This Sichuan eatery tucked away in a tarted- up Paddington worker's cottage, is tiny, tasty and great value for money. The limitless $35-per-head offering (on Sundays only) includes a beer or a glass of wine and a fresh, fun take on the yum cha experience. Order whatever takes your fancy from the 18-odd dishes available and it'll be whipped up fresh in the kitchen. It may seem like a good plan to work your waythrough the entire menu but this eyes-bigger-than-belly approach could result in missing out on the "famous" prawn and tofu-skin spring rolls, the cubes of salt-and-pepper tofu that are crisp outside andpillowy-soft inside,ortheshengjianbao (pan-fried soup dumplings). The unassuming- sounding crushed cucumber and garlic sounds like the dish to skip but once you've tried it, you'll probably order seconds. Groups of 10 or more can book yum cha any day of the week.
Renata Roberts saw the potential of suburban dining in 2012 when she opened Sichuan Bang Bang in Kenmore. Pizzeria Violetta soon followed, taking up residence next door. This year, she inched closer to the city, opening new editions of both restaurants in Paddington and Wilston. The venues operate alongside each other at the two locations, and the focus remains on authentic offerings of both traditional Italian pizza and Sichuan cuisine. With this shared logic of fast-paced food done well, the twin restaurants continue to make happy bedfellows.
This is perhaps the coolest place in town to celebrate Chinese New Year. If you believe in the theory about the cooling effects of spicy food, there’s no better place to be on a steamy evening in Brisbane. The Bang Bang banquet comes with a good whack of the fiery dried chilli, Sichuan pepper and bold flavours for which Sichuan food is renowned. While the dishes closely follow tradition (the heat turned down slightly for delicate Western palates), the décor takes a contemporary approach. This tiny, tastefully tarted-up former Chinese takeaway has a boutique feel. The New Year’s celebrations spill onto the footpath of this normally quiet suburban street, with dragon dancing and street food.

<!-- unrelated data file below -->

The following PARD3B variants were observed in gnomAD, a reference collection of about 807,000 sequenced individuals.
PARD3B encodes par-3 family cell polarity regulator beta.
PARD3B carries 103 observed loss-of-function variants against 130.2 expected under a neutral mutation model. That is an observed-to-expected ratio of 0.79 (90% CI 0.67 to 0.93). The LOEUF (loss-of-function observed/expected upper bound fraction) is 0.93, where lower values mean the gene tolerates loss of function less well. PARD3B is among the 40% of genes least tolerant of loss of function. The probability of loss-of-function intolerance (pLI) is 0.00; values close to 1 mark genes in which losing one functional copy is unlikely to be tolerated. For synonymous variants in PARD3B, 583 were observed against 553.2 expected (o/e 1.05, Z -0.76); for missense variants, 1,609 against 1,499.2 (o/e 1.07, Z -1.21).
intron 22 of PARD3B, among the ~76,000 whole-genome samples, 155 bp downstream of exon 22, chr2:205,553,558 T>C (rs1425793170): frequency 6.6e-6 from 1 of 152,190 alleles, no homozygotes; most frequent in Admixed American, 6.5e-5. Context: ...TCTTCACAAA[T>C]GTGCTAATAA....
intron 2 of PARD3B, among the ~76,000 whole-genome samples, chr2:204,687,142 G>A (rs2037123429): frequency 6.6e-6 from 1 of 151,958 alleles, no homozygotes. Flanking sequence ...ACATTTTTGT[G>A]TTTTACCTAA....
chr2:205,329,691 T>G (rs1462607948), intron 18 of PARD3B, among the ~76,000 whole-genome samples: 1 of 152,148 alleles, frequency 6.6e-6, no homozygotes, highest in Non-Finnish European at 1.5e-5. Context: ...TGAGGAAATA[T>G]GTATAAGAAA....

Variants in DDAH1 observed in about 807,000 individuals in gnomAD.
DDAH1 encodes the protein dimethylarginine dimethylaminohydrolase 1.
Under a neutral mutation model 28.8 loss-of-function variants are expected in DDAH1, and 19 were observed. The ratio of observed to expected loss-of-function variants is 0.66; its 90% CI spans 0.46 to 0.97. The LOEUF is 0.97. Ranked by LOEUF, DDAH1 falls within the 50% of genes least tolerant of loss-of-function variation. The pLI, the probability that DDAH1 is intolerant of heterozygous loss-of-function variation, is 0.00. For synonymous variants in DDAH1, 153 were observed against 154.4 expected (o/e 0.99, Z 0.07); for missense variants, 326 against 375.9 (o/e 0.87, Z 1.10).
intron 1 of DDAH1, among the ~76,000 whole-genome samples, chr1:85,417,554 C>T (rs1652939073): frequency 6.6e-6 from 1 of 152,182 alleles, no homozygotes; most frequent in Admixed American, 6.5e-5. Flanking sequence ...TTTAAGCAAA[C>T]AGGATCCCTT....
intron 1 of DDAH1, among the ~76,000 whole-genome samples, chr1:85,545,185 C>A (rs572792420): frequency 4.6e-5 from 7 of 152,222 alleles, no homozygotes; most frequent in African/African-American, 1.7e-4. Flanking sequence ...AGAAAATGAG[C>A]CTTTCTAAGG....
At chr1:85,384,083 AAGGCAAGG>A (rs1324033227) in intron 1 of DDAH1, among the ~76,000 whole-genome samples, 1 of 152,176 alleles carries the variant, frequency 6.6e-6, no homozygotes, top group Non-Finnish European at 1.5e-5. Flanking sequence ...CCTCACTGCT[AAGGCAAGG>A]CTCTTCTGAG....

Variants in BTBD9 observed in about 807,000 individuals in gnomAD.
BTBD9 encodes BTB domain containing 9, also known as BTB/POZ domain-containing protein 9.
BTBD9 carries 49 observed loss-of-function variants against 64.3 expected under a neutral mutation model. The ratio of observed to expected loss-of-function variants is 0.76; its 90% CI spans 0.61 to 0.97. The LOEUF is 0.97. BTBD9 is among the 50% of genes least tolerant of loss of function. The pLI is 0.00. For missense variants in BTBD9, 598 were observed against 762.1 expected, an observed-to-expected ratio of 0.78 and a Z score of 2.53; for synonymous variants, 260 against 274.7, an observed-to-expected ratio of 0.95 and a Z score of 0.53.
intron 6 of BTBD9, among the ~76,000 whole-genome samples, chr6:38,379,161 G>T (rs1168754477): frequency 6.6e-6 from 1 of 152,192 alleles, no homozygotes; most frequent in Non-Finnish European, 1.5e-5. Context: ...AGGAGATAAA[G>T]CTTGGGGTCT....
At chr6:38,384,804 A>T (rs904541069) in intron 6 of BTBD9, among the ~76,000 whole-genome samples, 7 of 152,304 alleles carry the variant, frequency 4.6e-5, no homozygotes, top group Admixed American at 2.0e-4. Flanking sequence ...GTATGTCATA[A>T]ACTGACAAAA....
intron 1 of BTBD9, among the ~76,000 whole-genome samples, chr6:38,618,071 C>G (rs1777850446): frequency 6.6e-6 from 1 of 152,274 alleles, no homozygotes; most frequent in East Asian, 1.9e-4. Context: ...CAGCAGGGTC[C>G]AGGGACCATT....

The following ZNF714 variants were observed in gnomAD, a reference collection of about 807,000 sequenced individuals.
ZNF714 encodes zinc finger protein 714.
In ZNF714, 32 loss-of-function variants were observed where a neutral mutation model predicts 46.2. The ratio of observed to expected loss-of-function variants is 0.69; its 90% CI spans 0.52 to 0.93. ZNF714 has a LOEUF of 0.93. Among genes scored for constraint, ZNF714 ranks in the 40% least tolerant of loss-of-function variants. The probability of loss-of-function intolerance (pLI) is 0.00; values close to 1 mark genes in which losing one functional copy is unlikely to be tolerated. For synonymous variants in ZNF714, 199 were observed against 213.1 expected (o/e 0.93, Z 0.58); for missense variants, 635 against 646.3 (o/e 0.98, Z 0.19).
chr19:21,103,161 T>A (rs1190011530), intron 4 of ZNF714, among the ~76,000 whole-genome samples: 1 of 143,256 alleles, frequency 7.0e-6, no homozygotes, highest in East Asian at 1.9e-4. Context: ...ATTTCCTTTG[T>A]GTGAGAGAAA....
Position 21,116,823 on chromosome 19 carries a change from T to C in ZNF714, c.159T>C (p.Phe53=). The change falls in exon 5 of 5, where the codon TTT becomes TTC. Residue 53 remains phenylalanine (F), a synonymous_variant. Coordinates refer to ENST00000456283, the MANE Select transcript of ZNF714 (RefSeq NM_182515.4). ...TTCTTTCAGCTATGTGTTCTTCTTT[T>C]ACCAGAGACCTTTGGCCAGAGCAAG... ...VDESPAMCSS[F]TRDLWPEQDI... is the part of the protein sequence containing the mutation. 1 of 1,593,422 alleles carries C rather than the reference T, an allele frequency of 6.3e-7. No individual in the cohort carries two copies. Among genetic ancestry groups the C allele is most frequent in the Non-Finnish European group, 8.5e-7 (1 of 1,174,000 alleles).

8 Wongabel Street, Kenmore
August 22, 2015: The Australian, Short order: Renata Roberts, Sichuan Bang Bang and Pizzeria Violetta, Brisbane
Brisbane restaurateur Renata Roberts is a big fan of Sichuan cuisine but she also loves a good Lebanese feast.
Best recent dining experience:Breakfast at Gerard’s Bistro, Brisbane. Head chef Ben Williamson has given our city’s dining scene a wonderful edge.
Must-buy ingredient:Sichuan peppercorns and challis. Having spent so much time working in China and eating a huge variety of Sichuan food, it’s now a flavour hit I just cannot live without.
Most embarrassing pantry item:Salt and vinegar chips for hangovers. I always like to have a packet on hand, just in case.
Can’t live without: Carbohydrates, delicious breads. Many of the greatest meals I have had began with a simple, freshly baked loaf, olive oil and salt. So simple yet so decadent.
What I’m cooking at home:Osso buco and soft polenta for my new Italian family at Pizzeria Violetta.
Next big thing:I don’t believe in food fads … recipes that have a heritage are the most important to me. Provincial flavours are timeless and classic.
I hate:I am not fond of “Chaussie” foods — sweet and sour pork, honey soy chicken and other Chinese recipes bastardised to suit the Australian palate.
Favourite cuisine: Middle Eastern. I love a good meal with big, bold flavours and the wonderful use of spice combinations. In particular, I get a huge buzz from Lebanese feasts.
Worst meal I ever ate:Being witness to processed cheese being pumped from a plastic bulk dispenser and on to my breakfast at a diner in the US.
Biggest culinary influence: My dad has always been an inspiration to me. I was also lucky enough to land jobs in Australia, Britain, the US, Canada, France, Hong Kong and China with inspiring, offbeat, out-of the-box thinkers who allowed me an enormous amount of freedom, as well as teaching me their own individual styles. Paul Mathis (Melbourne) and Michelle Garnaut (China) have been my greatest influences.
Favourite cookbook:The Mission Chinese Food Cookbook by Danny Bowien and Chris Ying. I often make mapo tofu — this dish turns non-lovers of tofu into dedicated fans.
My last supper:A big bowl of steaming, extra spicy Taiwanese beef brisket soup with fat noodles. Every year Taipei holds an annual festival to celebrate this dish, and chefs and restaurants compete for the best beef noodle title in Taiwan. I share the same passion for this dish as the Taiwanese.